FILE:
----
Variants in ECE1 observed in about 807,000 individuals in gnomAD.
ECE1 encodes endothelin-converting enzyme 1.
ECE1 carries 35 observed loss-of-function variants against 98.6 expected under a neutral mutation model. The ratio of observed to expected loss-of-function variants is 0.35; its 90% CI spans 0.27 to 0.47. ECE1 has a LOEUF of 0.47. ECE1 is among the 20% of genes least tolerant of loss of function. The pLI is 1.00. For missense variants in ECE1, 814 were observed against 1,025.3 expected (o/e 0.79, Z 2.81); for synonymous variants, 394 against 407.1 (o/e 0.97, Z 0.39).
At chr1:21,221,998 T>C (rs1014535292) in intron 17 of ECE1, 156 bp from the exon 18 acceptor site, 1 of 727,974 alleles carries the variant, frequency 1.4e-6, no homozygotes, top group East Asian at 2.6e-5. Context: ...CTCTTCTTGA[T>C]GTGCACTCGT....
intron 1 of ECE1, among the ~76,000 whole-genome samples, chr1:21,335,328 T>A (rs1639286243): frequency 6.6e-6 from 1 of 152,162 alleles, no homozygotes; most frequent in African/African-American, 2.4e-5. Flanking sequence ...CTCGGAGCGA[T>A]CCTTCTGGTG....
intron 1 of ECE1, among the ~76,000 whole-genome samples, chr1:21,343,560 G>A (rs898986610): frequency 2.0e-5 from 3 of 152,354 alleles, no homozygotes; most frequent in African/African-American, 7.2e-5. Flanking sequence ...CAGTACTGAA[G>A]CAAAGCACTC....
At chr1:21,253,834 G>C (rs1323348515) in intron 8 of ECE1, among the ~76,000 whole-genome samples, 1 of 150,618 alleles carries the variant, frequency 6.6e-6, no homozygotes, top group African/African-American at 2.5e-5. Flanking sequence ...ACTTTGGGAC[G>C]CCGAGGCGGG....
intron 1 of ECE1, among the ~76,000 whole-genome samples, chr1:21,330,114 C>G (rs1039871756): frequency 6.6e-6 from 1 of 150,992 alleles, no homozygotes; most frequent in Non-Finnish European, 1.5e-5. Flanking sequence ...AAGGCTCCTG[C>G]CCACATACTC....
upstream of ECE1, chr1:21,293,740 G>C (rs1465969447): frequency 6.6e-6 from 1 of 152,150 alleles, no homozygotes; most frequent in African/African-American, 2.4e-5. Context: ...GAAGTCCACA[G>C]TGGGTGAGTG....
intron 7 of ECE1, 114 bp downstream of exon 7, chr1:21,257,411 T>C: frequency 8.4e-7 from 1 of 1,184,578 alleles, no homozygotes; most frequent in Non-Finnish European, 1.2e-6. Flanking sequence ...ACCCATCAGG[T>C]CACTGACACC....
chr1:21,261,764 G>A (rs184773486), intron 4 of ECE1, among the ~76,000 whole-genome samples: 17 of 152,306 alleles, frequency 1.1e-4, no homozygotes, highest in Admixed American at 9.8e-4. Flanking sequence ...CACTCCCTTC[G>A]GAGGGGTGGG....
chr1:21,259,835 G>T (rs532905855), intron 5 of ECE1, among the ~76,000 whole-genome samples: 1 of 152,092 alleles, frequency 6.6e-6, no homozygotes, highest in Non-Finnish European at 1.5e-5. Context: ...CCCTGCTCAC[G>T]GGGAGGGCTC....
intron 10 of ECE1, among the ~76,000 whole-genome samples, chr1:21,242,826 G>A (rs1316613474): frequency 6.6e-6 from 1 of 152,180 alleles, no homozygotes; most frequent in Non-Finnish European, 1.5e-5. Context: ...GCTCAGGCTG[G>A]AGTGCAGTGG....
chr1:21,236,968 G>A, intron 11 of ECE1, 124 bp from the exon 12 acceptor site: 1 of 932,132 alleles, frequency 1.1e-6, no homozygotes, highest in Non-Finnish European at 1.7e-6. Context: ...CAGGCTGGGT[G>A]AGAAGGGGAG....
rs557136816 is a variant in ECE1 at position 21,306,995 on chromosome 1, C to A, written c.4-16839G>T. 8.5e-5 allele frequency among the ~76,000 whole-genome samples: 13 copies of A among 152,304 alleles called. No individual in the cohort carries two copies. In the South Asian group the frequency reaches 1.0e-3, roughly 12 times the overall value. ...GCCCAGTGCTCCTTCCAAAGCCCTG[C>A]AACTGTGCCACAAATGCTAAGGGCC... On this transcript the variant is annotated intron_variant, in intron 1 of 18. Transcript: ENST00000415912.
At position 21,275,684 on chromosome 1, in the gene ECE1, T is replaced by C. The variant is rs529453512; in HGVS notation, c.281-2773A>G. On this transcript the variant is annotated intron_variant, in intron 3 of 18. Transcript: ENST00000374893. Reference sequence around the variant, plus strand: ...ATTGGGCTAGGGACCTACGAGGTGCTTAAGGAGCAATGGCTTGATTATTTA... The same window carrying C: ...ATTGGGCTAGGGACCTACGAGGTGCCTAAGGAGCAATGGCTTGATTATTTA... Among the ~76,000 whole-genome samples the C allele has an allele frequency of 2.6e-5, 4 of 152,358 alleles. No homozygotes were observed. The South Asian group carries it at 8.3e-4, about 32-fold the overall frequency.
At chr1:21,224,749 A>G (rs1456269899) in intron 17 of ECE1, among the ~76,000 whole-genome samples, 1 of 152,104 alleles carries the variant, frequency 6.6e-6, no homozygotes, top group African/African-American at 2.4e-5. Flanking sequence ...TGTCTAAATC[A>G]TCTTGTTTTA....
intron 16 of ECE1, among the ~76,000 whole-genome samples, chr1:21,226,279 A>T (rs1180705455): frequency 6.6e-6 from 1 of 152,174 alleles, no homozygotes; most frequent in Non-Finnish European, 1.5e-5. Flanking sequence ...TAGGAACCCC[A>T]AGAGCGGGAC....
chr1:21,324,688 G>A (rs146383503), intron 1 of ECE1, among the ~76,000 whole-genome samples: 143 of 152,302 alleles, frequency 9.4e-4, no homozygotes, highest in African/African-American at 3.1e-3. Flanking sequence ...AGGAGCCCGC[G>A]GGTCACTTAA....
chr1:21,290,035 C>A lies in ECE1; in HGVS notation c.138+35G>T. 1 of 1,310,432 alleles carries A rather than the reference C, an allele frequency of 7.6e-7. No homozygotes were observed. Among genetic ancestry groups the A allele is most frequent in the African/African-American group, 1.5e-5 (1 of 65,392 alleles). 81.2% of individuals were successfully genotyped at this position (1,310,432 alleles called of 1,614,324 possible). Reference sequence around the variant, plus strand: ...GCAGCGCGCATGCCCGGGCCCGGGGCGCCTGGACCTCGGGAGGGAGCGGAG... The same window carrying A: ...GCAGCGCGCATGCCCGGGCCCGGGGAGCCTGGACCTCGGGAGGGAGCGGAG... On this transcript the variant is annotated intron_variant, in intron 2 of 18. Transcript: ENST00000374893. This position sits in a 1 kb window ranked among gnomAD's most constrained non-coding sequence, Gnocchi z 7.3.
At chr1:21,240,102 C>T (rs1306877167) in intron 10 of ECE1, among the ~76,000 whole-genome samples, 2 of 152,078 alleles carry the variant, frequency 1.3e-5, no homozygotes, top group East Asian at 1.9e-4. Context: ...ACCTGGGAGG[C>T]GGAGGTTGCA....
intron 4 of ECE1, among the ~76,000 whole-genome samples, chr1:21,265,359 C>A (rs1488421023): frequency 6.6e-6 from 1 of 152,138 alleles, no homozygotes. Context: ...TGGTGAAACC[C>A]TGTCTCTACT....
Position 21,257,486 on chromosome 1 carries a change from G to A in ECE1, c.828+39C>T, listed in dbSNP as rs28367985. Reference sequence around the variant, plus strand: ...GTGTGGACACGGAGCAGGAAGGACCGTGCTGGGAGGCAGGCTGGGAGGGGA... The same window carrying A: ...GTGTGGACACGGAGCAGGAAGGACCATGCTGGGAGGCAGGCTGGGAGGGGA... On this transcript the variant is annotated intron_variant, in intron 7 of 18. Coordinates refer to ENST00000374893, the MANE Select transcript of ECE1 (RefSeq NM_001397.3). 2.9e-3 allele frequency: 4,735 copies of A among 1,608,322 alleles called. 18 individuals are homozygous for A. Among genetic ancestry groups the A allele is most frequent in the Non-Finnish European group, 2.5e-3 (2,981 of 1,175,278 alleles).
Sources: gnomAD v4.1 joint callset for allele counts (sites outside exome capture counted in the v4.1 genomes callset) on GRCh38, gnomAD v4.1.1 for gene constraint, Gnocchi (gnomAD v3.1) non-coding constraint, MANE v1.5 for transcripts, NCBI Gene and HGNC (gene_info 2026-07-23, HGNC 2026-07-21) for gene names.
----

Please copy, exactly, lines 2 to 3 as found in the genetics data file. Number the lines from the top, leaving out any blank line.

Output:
ECE1 encodes endothelin-converting enzyme 1.
ECE1 carries 35 observed loss-of-function variants against 98.6 expected under a neutral mutation model. The ratio of observed to expected loss-of-function variants is 0.35; its 90% CI spans 0.27 to 0.47. ECE1 has a LOEUF of 0.47. ECE1 is among the 20% of genes least tolerant of loss of function. The pLI is 1.00. For missense variants in ECE1, 814 were observed against 1,025.3 expected (o/e 0.79, Z 2.81); for synonymous variants, 394 against 407.1 (o/e 0.97, Z 0.39).